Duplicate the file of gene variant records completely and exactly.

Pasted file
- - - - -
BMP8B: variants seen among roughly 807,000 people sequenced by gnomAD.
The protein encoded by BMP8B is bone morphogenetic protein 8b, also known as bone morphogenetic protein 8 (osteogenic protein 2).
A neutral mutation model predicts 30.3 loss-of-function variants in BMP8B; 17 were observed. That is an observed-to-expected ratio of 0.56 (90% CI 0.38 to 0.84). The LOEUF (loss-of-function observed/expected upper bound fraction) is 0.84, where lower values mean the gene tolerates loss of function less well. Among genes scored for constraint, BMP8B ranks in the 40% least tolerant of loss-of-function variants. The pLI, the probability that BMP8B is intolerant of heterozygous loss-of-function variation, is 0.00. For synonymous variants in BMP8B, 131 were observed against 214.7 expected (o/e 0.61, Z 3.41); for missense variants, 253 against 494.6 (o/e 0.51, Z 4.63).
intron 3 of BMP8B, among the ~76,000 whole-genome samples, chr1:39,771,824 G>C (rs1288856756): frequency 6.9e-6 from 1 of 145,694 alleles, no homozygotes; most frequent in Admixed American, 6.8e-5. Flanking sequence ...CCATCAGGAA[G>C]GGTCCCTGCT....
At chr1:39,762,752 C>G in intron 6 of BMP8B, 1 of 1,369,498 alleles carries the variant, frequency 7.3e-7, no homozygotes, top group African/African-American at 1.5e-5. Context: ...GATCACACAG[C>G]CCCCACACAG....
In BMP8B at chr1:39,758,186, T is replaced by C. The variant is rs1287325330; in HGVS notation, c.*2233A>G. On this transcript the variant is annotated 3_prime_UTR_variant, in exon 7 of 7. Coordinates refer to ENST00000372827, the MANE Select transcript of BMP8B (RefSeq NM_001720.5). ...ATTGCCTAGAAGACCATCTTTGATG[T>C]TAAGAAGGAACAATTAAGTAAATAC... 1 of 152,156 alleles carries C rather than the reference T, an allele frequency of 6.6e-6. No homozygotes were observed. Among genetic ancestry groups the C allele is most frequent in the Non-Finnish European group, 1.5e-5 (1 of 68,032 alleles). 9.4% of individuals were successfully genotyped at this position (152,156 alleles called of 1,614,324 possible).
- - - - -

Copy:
BMP8B: variants seen among roughly 807,000 people sequenced by gnomAD.
The protein encoded by BMP8B is bone morphogenetic protein 8b, also known as bone morphogenetic protein 8 (osteogenic protein 2).
A neutral mutation model predicts 30.3 loss-of-function variants in BMP8B; 17 were observed. That is an observed-to-expected ratio of 0.56 (90% CI 0.38 to 0.84). The LOEUF (loss-of-function observed/expected upper bound fraction) is 0.84, where lower values mean the gene tolerates loss of function less well. Among genes scored for constraint, BMP8B ranks in the 40% least tolerant of loss-of-function variants. The pLI, the probability that BMP8B is intolerant of heterozygous loss-of-function variation, is 0.00. For synonymous variants in BMP8B, 131 were observed against 214.7 expected (o/e 0.61, Z 3.41); for missense variants, 253 against 494.6 (o/e 0.51, Z 4.63).
intron 3 of BMP8B, among the ~76,000 whole-genome samples, chr1:39,771,824 G>C (rs1288856756): frequency 6.9e-6 from 1 of 145,694 alleles, no homozygotes; most frequent in Admixed American, 6.8e-5. Flanking sequence ...CCATCAGGAA[G>C]GGTCCCTGCT....
At chr1:39,762,752 C>G in intron 6 of BMP8B, 1 of 1,369,498 alleles carries the variant, frequency 7.3e-7, no homozygotes, top group African/African-American at 1.5e-5. Context: ...GATCACACAG[C>G]CCCCACACAG....
In BMP8B at chr1:39,758,186, T is replaced by C. The variant is rs1287325330; in HGVS notation, c.*2233A>G. On this transcript the variant is annotated 3_prime_UTR_variant, in exon 7 of 7. Coordinates refer to ENST00000372827, the MANE Select transcript of BMP8B (RefSeq NM_001720.5). ...ATTGCCTAGAAGACCATCTTTGATG[T>C]TAAGAAGGAACAATTAAGTAAATAC... 1 of 152,156 alleles carries C rather than the reference T, an allele frequency of 6.6e-6. No homozygotes were observed. Among genetic ancestry groups the C allele is most frequent in the Non-Finnish European group, 1.5e-5 (1 of 68,032 alleles). 9.4% of individuals were successfully genotyped at this position (152,156 alleles called of 1,614,324 possible).